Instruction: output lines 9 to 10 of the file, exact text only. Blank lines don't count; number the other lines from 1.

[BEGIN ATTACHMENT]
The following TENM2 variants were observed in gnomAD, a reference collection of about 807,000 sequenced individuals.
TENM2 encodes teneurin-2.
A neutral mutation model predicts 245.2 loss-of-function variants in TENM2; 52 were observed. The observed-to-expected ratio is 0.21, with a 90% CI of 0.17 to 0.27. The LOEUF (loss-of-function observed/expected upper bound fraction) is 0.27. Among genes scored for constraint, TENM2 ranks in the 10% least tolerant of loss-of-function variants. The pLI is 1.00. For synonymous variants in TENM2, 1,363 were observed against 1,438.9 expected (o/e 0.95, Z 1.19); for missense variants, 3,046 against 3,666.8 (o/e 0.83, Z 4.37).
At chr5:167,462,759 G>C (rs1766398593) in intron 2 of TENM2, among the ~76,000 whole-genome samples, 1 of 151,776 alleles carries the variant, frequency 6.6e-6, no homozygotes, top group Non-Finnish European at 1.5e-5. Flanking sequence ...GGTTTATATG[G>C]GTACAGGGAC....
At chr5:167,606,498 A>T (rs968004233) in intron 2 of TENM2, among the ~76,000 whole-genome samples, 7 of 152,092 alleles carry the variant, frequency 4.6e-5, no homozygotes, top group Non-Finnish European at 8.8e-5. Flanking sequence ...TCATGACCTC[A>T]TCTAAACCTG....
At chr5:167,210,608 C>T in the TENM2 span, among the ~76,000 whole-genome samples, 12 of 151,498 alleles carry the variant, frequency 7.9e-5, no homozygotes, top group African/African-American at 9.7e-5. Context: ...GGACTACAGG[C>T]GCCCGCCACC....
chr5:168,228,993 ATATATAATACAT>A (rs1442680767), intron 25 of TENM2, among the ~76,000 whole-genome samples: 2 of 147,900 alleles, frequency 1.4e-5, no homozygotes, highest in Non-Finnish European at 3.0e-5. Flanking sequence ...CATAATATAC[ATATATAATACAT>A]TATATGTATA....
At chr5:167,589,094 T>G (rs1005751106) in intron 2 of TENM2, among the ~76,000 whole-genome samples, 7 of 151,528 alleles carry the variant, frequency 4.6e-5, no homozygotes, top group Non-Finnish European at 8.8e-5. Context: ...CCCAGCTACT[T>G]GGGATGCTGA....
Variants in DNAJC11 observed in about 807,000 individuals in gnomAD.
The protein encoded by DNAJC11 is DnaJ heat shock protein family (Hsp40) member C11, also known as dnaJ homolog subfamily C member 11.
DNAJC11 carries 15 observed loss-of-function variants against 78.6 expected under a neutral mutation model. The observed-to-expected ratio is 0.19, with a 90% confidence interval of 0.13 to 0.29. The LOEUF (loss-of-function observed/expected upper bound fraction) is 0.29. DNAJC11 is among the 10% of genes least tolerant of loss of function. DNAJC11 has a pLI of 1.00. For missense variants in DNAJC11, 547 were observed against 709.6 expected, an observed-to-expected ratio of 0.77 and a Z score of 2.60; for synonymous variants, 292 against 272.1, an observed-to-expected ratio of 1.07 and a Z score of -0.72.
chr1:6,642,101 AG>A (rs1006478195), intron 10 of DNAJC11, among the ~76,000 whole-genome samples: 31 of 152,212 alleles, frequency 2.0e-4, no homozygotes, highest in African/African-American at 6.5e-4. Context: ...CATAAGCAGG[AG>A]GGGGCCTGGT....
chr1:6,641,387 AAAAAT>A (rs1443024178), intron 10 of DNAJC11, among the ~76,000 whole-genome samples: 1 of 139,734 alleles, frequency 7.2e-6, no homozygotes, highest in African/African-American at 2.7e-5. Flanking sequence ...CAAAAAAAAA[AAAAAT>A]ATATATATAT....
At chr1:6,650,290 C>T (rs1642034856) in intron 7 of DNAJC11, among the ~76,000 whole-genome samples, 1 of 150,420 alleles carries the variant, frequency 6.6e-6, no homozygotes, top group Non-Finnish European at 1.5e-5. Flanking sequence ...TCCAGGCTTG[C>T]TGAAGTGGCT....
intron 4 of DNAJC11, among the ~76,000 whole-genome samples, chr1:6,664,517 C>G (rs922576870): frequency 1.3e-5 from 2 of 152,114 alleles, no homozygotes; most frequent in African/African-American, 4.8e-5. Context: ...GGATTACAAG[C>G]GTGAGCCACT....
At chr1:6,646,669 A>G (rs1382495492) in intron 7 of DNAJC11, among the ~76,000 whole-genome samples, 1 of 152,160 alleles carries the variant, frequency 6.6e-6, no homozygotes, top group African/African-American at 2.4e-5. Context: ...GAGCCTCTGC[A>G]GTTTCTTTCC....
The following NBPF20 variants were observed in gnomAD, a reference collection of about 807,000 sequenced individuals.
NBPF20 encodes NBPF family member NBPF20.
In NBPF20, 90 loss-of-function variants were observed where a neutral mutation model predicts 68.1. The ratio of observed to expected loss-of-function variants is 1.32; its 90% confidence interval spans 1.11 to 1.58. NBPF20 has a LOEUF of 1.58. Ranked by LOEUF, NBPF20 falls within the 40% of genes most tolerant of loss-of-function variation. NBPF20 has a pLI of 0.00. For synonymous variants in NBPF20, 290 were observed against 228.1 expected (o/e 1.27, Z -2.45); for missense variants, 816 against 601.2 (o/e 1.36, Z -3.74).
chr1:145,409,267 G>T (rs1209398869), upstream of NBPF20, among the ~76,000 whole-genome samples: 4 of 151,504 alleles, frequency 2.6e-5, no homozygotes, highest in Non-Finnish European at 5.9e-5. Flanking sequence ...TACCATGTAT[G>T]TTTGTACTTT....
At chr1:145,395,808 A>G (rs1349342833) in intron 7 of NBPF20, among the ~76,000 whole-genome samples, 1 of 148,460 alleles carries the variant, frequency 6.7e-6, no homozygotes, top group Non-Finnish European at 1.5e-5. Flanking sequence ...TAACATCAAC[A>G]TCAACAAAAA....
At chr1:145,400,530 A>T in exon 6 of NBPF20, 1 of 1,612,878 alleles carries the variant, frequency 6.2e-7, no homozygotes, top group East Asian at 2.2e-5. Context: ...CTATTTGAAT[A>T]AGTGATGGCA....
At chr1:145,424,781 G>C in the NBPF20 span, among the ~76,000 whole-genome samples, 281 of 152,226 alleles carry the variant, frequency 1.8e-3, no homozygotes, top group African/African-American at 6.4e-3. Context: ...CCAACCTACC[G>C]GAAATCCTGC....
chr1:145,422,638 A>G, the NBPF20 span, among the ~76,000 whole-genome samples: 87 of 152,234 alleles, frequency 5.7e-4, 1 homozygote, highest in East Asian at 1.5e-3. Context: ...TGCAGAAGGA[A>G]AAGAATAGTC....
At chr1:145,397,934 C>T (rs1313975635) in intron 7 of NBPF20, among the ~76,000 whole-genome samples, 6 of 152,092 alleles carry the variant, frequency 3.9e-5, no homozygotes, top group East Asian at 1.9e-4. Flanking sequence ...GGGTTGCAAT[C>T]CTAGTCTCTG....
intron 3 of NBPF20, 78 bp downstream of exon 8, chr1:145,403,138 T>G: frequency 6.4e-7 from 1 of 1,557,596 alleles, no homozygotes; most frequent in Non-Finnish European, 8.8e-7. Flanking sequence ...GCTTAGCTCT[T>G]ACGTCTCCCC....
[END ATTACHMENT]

Variants in DNAJC11 observed in about 807,000 individuals in gnomAD.
The protein encoded by DNAJC11 is DnaJ heat shock protein family (Hsp40) member C11, also known as dnaJ homolog subfamily C member 11.